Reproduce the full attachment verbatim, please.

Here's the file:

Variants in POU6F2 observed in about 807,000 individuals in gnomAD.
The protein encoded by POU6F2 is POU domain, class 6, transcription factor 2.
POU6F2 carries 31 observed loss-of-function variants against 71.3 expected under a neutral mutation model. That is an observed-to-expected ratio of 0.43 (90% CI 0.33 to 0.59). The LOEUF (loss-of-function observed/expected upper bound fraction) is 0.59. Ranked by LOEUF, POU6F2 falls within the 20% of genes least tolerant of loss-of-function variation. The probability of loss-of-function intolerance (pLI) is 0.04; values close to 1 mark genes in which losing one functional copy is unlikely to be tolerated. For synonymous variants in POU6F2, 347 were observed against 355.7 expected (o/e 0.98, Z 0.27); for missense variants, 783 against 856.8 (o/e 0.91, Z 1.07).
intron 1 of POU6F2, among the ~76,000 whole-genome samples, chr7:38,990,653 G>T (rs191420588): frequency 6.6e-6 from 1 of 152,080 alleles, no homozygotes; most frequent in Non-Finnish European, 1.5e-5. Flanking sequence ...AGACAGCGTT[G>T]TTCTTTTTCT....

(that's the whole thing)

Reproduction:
Variants in POU6F2 observed in about 807,000 individuals in gnomAD.
The protein encoded by POU6F2 is POU domain, class 6, transcription factor 2.
POU6F2 carries 31 observed loss-of-function variants against 71.3 expected under a neutral mutation model. That is an observed-to-expected ratio of 0.43 (90% CI 0.33 to 0.59). The LOEUF (loss-of-function observed/expected upper bound fraction) is 0.59. Ranked by LOEUF, POU6F2 falls within the 20% of genes least tolerant of loss-of-function variation. The probability of loss-of-function intolerance (pLI) is 0.04; values close to 1 mark genes in which losing one functional copy is unlikely to be tolerated. For synonymous variants in POU6F2, 347 were observed against 355.7 expected (o/e 0.98, Z 0.27); for missense variants, 783 against 856.8 (o/e 0.91, Z 1.07).
intron 1 of POU6F2, among the ~76,000 whole-genome samples, chr7:38,990,653 G>T (rs191420588): frequency 6.6e-6 from 1 of 152,080 alleles, no homozygotes; most frequent in Non-Finnish European, 1.5e-5. Flanking sequence ...AGACAGCGTT[G>T]TTCTTTTTCT....